A couple of somewhat contrasting examples highlight the “lowest of the low” attitude to pedestrians in the CBD:

    1) High Street. This is a very nice narrow street, but the footpaths are horrifically narrow. It really should be either fully pedestrianised or become a shared space. The reason why it stands out to me as such a classic example is because it was only upgraded a few years ago. That upgrade did NOTHING to widen the footpaths, while basically made it politically impossible to justify upgrading to a shared space any time soon (otherwise it would have been the obvious first street to do).

    2) Corner of Mayoral Drive, Cook Street and Vincent Street. It’s roads central over here, with gentle curves making it possible for cars to speed like crazy around all the giant left hand turn slips lanes. It takes practically forever to cross here, and the amount of space dedicated to the intersection is rather embarrassing.

  4. Apl, yes I think some sort of pedestrian overbridge of Fanshawe St will probably be required eventually. Although I must say I am not a huge fan of them except when the road is in a gully, because they really do tell the pedestrian what a second class citizen they are, by having to inconvenience themselves by climbing up to the bridge, then across it, then down again.

    Of course they are essential for motorways and railway lines.

  5. As a component part of your fifth point about grafitti: why are pest plant infestations removed from the landscaped verges of motorways on a regular basis wheras rail embankments are neither landscaped nor are their (significant) pest plant infestations controlled in any way, shape or form (apart from a little rough chopping for LE sighting purposes)? We have an unique flora in this country but you wouldn’t know it if you travel by train. And where they did do some landscaping – as a part of the first DART phase – they’ve both neglected it and are now in the process of destroying it; and what’s the betting that it won’t be remediated.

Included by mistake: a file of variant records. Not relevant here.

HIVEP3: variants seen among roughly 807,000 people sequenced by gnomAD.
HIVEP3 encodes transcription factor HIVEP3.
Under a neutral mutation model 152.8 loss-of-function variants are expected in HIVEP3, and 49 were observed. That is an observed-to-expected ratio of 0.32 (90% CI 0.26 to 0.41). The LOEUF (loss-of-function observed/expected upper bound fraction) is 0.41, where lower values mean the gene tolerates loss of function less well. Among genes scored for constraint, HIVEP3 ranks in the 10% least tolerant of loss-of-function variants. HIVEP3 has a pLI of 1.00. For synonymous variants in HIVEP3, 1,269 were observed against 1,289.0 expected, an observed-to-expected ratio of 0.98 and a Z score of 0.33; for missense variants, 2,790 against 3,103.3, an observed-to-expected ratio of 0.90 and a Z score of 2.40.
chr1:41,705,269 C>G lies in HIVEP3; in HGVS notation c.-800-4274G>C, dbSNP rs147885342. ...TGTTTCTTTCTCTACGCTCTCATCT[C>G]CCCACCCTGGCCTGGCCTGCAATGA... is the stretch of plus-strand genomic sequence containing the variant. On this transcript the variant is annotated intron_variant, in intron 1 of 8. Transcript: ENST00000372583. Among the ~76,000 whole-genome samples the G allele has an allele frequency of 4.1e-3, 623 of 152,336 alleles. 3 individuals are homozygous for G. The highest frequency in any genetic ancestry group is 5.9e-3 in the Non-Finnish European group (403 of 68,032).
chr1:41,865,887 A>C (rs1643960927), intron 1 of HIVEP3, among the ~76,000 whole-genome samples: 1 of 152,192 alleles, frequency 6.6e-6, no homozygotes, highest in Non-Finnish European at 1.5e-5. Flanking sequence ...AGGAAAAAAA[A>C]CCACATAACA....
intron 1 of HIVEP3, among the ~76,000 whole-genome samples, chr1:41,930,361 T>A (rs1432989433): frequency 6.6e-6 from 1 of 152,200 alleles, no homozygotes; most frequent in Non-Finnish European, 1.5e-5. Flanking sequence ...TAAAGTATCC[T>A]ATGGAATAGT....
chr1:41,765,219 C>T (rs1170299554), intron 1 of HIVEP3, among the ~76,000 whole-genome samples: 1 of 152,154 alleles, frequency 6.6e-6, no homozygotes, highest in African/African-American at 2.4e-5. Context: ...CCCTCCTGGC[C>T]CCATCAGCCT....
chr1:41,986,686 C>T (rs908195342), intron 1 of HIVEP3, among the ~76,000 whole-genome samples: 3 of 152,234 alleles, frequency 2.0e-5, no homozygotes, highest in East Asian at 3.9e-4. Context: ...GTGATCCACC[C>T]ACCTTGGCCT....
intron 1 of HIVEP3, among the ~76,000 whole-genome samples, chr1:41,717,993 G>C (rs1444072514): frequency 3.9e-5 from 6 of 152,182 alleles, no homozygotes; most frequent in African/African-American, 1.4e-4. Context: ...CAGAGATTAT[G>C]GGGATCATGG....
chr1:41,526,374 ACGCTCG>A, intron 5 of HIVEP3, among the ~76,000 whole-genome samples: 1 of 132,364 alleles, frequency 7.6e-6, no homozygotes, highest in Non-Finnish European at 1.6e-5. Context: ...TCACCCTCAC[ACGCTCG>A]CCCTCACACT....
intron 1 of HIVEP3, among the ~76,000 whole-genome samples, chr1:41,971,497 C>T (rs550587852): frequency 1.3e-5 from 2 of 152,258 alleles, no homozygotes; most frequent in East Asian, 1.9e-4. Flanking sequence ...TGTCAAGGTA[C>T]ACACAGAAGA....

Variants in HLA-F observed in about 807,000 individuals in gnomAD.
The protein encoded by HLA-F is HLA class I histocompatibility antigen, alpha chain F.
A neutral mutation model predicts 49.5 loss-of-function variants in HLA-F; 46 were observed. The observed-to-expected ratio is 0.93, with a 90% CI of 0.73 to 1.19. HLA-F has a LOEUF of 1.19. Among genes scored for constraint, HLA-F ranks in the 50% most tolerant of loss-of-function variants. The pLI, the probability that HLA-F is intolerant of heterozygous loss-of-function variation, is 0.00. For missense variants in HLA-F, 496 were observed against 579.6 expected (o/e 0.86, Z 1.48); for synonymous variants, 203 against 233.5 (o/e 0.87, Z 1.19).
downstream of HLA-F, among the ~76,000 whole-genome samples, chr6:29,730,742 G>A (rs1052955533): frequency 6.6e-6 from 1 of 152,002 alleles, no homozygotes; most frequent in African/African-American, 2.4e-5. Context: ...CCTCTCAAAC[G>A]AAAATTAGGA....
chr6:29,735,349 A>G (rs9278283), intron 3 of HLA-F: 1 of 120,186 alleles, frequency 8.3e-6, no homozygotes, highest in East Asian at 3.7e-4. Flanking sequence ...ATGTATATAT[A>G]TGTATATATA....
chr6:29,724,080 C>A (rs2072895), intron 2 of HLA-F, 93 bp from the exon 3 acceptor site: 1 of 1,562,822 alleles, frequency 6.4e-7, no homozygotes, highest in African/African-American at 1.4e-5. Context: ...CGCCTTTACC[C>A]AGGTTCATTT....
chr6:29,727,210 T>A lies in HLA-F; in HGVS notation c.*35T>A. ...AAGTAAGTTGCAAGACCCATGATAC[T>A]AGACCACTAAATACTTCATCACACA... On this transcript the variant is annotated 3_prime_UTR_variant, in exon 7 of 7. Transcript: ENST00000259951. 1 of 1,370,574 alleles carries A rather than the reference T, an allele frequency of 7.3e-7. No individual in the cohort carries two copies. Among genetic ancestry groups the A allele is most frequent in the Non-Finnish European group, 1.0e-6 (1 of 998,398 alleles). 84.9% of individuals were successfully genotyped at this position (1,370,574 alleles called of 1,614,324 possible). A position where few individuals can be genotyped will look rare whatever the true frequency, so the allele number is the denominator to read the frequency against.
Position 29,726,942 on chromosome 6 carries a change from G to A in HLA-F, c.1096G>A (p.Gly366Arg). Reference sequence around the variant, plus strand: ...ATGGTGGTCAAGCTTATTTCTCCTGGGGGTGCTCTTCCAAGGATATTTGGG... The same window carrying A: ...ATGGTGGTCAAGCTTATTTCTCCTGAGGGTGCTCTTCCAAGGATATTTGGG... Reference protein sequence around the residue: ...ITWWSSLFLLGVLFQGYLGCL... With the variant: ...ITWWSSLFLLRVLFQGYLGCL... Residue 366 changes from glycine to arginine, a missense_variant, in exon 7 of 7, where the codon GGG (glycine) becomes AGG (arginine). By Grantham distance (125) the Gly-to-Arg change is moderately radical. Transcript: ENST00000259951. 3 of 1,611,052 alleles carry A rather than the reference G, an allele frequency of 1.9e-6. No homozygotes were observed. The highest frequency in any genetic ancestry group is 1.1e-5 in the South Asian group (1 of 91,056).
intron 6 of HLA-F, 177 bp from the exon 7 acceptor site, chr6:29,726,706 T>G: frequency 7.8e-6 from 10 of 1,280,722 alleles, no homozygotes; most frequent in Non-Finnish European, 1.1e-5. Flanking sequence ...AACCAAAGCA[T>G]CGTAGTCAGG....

6. 1. The fact the insist on calling the peice of paint painted on the footpath at Tamaki Dr a ‘bikepath’ – painting a bit of paint which leads you into light poles while having to dodge families, fishermen and stray dogs does not and never will constitute a ‘bike path’ – thank god Joyce hasn’t decided that using ‘bike paths’ is compulsary yet.

    2. On-road parking between Mechanics Bay and Ngapuhi Rd – well apart from a big arse rock wall into the water, a minigolf course (with off-street parking) and a marina (also with off-street parking) there is nothing around there except spaces for those too cheap to actually pay for their parking, makes the road more dangerous for all road users.

    3. The pedestrian crossing just by The White House on Queen St – when I have time to press the button, pop into the dairy, purchase something and have a brief chat with the owner before wandering out and still having to wait 30 seconds before I can cross on the light, well tells you something about priorities.

    4. The fact that all on street parking, particularly in high congestion areas (Mission Bay, city fringe, Mt Eden etc) is not charged for.

    Also, I second High St and any other street around there which is of a similar nature (O’Connell, Fort is another, Commerce etc).

    Just amazes me the influence that Robert Moses style thinking has even after 40 years of seeing the abject failure of his thinking.

  7. High St oh High St! What a nightmare. At one point on the western side the gap between the shop front and a street pole is about two feet! Ok I realise this is Auckland we are talking about and car parking is up there with oxygen and potable water, but does this narrow laneway in the historic part of town really need parking up *both sides*?!

    The ironic thing is on a busy sunny lunchtime it becomes a defacto shared space as pedestrians are forced out into the roadway. And don’t get me started on the square having a road across it. Why?

    2) Corner of Mayoral Drive, Cook Street and Vincent Street…
    I had a chat with one of the urban designers on the Queen St upgrade, she spent months battling the road engineering team who wanted to do the same thing for the intersection of Queen and Mayoral. Apparently they just could concieve not having a full multi lane intersection with left turn lanes and traffic islands. The engineers were convinced that if the didn’t do the intersection to the standard in their engineering manuals it would become filled with crashes and injured pedestrians. Somehow they didn’t catch on to idea that designing an intersection on the main street of the metropolis so that people can drive through it as fast as physically possible might be a bad idea for crashes and pedestrian safety.